By Farayi Mungoshi

ARE current film productions relevant to our society? 

Have we run out of ideas?

I disagree with people who say content is scarce. 

We have a lot of stories that have not been told, dating back hundreds of years, but we choose to ignore them. 

The current dramas on national television are proof that we are not giving enough thought to content creation. 

Most of our dramas mirror South African lifestyles and partially our own present day lives (which say the least of who we truly are).

What of our history? 

What of dramas showing Mbuya Nehanda and her fight for land and the people, or the chronicles of the Munhumutapas (The myths and legends) just like the South Africans did with Tshaka Zulu, and the Scandanavians did with the Vikings as well as the British history of The Tudors and The Crown. 

I didn’t know much about the Vatican’s machinations till I watched The Borgias and I learned that the portrait or picture of Jesus we are so fond of is a drawing of Cesare Borgia and that of Mother Mary is of his sister, both done by Learnado da Vinci, a dear friend of Cesare. 

Most of these television series’ are shown on the History channel. 

Zimbabwe was really not far from this vision as evidenced by the 1980s productions, most of which were adapted from books written by Zimbabwean authors. 

One person I know who keeps encouraging the youths to revisit their history and tell our forefathers’ stories is Dr Rino Zhuwarara. 

Upon entering his office (Dr Zhuwarara) at the Zimbabwe Film and Television School of Southern Africa (ZIFTESSA) one is greeted by a number of books with stories yet to be televised. 

Another problem faced by our film-makers today is the failure to know when to call it quits for a television series that has already made its run. 

They try by all means to stretch it into a second and third season simply because the audience loved the first and are pushing them to continue when the truth of the matter is that the writers have run out of ideas and have exhausted all of their storylines. 

That is why many people today say the old dramas were better; they maintained the story line and structure. 

Forget the advanced technology we have today — better cameras and editing suites do not make better stories – without a good story you don’t have a film to shoot. 

The Munhumutapa Empire alone is a series that can span years and will definitely attract and pull major players if well done.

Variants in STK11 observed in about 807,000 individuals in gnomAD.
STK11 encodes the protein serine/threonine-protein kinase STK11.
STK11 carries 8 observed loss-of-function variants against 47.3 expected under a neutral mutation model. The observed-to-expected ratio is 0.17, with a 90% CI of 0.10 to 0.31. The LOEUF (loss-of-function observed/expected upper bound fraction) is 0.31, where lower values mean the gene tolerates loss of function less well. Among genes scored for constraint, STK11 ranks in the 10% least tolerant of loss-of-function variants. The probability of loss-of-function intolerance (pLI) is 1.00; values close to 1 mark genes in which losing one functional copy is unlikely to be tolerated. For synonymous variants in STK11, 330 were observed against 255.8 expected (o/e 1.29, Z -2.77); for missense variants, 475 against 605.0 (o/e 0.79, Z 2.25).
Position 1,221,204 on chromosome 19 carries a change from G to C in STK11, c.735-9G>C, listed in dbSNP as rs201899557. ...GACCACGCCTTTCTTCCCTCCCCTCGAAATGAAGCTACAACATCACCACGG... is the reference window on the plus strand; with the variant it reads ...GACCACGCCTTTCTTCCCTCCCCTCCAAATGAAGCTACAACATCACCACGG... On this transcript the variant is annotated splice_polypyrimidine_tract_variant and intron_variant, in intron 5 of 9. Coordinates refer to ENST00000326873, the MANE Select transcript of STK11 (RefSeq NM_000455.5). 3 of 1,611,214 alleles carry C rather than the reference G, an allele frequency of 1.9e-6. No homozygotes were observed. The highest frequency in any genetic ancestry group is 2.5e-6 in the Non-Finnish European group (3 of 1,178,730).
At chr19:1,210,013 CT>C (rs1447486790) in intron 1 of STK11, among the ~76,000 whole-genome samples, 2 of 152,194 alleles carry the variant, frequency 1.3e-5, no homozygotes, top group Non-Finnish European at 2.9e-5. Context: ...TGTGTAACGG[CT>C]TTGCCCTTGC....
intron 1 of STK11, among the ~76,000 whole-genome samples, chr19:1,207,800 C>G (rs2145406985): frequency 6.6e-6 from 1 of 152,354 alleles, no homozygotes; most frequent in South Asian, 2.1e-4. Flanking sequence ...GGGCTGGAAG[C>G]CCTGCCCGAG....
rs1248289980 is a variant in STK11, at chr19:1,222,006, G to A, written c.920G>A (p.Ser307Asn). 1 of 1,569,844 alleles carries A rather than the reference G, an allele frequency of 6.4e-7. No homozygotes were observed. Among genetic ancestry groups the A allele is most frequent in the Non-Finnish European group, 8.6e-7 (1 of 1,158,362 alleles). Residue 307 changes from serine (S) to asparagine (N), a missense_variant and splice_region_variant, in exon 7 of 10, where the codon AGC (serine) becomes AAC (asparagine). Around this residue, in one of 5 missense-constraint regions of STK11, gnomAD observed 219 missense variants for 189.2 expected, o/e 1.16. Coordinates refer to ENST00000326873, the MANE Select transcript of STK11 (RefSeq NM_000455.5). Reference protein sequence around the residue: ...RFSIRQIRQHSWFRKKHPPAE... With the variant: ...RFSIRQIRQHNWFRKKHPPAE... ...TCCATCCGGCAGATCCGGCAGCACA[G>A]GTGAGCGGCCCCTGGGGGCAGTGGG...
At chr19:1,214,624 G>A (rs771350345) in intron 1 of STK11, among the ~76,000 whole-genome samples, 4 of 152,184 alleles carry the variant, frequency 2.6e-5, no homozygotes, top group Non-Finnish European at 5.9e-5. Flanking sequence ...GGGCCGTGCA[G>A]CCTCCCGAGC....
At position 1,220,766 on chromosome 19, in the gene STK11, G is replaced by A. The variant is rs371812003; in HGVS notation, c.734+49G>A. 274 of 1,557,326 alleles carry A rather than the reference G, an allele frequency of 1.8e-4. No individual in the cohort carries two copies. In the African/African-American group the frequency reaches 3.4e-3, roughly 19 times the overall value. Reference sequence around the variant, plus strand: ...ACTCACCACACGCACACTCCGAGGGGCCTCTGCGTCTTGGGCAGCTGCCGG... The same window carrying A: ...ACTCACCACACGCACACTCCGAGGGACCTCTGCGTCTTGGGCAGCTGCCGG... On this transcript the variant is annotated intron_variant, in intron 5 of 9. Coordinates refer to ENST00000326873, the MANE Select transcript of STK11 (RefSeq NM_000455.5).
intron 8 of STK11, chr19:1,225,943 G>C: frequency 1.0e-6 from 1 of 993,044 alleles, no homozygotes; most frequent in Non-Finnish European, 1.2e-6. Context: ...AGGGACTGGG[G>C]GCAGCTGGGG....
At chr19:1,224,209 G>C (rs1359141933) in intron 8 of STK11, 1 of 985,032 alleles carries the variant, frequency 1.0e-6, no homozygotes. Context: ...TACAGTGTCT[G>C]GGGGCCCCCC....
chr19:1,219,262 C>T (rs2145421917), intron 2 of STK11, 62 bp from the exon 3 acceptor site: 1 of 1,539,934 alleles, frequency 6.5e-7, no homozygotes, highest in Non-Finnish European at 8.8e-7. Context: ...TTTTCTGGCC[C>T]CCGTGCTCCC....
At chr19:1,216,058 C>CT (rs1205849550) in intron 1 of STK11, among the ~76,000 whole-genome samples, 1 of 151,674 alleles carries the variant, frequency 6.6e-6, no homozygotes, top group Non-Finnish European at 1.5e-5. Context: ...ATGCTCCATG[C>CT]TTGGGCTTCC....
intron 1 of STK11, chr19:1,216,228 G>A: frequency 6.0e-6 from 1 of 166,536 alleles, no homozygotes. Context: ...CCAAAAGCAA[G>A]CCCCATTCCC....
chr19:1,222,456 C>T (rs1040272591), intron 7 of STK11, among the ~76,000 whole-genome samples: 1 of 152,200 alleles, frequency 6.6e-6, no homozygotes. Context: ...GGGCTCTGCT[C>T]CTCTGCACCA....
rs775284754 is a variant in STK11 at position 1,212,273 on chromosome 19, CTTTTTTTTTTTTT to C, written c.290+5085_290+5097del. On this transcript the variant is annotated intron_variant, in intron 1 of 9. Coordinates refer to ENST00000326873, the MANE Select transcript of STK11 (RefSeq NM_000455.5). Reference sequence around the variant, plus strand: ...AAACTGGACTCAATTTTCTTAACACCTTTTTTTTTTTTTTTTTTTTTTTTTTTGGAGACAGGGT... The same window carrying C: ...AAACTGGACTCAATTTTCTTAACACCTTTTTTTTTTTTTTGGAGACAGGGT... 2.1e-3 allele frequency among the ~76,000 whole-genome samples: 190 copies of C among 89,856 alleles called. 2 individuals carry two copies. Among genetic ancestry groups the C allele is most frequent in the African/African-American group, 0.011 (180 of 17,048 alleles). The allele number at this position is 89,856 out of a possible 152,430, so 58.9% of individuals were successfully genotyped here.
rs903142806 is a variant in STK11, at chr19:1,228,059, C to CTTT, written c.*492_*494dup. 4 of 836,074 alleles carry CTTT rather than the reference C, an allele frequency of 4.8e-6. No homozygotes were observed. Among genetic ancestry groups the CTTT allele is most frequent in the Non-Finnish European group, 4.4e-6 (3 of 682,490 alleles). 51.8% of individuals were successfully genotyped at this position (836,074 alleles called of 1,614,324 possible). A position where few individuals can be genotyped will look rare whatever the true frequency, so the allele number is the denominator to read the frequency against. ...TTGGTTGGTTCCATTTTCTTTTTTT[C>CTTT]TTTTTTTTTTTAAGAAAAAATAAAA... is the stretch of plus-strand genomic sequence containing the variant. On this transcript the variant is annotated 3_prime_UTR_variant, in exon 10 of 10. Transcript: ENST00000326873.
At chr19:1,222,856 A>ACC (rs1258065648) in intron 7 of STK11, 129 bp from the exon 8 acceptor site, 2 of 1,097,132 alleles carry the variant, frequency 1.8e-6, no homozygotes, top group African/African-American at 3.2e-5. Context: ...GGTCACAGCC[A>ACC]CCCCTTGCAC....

The information is already there, all that is needed is good adaptation skills and good scripting. 

Picture a king at Great Zimbabwe in its heyday – the ruler refuses to take up a wife when asked by the people to get married. Instead he wants his people to capture the mermaid (njuzu) from the lake behind his homestead for a wife because he feels he is too good looking to marry any of the women in the land. Hence his name ‘Mudadi’ – The King who would bath several times a day in full view of his people.

What of the Munhumutapa who commands his people to build a ladder up into the skies to bring him the moon? 

And what of the rainmaker Modjaji ousted by her father, Munhumutapa, and ends up a queen down south? 

The Modjaji area in South Africa is still named after her to this day. 

And what of the hunter (muvhimi) of that Munhumutapa era who was trained to use his sense of smell to hunt game? It is believed the hunter could sense game as far as two kilometres away just by using his nose and could tell whether it was a rabbit or deer. 

These are the myths, the legends; stories of the Munhumutapa who could fly. 

Our young do not know these stories and if not revealed through television and film, chances are we are going to lose yet more of our history and stories because today’s generation hardly reads novels like we used to, instead they watch movies, mostly or play video games. 

I don’t see any harm in creating a Munhumutapa video game. 

I hope I have given others ideas of what to write, and if they have the resources to pull it off, why not? Our country will be better off with such entertainment on television. 

If the corporate world and sponsors can run with this vision, it won’t be long before we start attracting more people to visit Zimbabwe.   

This is who we are but we have lost that knowledge or the fact that Munhumutapa Empire is believed to have extended as far as half the continent of Africa, all ruled from Great Zimbabwe. 

Hence, when it comes to content, I believe we have it; there are such books like Inongova Njake Njake and Pfumo Reropa, among others, that point to who we are and our heritage. 

Foreign film and television platforms have in the past portrayed Africa as a dark continent, full of backward people and poverty, for example; the overused image of an African child with a fly on his face, but we can change all that. But in order to do that, we need to love ourselves first and look deep within at that thing that makes us who we are. 

This is the only way we can become big; by first accepting who we are and believing in our stories, the struggles Africa has gone through in the face of racism, slavery, colonisation and apartheid.

These stories are not boring if well written; they are as much informational as they are entertaining.


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